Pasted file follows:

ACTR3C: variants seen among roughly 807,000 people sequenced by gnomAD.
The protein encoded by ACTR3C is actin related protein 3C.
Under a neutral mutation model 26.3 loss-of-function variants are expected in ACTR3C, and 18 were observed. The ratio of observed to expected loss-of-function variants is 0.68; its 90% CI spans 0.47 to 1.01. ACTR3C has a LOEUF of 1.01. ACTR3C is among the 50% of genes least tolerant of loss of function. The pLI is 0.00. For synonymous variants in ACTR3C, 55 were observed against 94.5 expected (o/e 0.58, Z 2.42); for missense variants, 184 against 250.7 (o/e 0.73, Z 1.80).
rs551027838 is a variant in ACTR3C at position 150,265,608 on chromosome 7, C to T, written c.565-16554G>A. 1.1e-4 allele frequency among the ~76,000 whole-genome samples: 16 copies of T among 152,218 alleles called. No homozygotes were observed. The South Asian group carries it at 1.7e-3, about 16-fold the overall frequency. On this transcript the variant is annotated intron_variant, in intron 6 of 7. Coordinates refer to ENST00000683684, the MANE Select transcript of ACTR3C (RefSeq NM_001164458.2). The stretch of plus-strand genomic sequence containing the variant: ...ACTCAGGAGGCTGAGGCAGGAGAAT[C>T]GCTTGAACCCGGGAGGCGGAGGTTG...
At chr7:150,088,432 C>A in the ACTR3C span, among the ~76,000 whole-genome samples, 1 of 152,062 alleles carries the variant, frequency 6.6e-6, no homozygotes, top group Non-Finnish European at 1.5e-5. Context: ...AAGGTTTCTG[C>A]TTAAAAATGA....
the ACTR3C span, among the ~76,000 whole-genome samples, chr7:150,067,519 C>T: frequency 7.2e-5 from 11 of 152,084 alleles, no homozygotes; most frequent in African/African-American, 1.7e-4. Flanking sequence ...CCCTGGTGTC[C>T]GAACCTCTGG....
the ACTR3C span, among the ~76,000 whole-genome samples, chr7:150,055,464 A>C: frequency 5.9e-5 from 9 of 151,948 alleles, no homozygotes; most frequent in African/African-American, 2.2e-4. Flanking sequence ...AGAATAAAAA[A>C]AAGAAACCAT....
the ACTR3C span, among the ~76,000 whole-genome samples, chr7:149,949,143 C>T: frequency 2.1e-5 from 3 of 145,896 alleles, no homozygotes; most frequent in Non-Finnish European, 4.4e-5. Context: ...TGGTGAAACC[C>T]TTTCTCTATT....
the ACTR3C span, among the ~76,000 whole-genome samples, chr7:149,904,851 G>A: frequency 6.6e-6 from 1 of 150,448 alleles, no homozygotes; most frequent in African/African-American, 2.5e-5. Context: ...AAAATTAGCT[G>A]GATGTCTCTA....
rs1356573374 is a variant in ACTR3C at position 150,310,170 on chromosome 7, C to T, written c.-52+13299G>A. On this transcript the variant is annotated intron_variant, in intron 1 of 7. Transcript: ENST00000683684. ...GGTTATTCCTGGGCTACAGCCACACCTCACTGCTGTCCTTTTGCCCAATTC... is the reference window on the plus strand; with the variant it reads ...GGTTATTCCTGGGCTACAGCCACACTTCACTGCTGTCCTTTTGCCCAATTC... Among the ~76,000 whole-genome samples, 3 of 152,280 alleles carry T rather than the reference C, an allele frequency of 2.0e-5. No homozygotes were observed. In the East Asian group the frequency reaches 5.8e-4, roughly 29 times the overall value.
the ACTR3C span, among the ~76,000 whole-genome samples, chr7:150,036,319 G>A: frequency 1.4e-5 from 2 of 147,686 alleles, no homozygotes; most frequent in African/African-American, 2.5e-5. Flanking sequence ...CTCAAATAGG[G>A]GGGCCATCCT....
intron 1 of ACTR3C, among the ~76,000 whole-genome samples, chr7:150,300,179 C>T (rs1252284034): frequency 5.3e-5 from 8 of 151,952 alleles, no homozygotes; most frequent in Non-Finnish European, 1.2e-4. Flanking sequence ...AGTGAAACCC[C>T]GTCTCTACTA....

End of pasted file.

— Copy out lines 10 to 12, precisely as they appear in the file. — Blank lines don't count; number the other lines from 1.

rs1356573374 is a variant in ACTR3C at position 150,310,170 on chromosome 7, C to T, written c.-52+13299G>A. On this transcript the variant is annotated intron_variant, in intron 1 of 7. Transcript: ENST00000683684. ...GGTTATTCCTGGGCTACAGCCACACCTCACTGCTGTCCTTTTGCCCAATTC... is the reference window on the plus strand; with the variant it reads ...GGTTATTCCTGGGCTACAGCCACACTTCACTGCTGTCCTTTTGCCCAATTC... Among the ~76,000 whole-genome samples, 3 of 152,280 alleles carry T rather than the reference C, an allele frequency of 2.0e-5. No homozygotes were observed. In the East Asian group the frequency reaches 5.8e-4, roughly 29 times the overall value.
the ACTR3C span, among the ~76,000 whole-genome samples, chr7:150,036,319 G>A: frequency 1.4e-5 from 2 of 147,686 alleles, no homozygotes; most frequent in African/African-American, 2.5e-5. Flanking sequence ...CTCAAATAGG[G>A]GGGCCATCCT....
intron 1 of ACTR3C, among the ~76,000 whole-genome samples, chr7:150,300,179 C>T (rs1252284034): frequency 5.3e-5 from 8 of 151,952 alleles, no homozygotes; most frequent in Non-Finnish European, 1.2e-4. Flanking sequence ...AGTGAAACCC[C>T]GTCTCTACTA....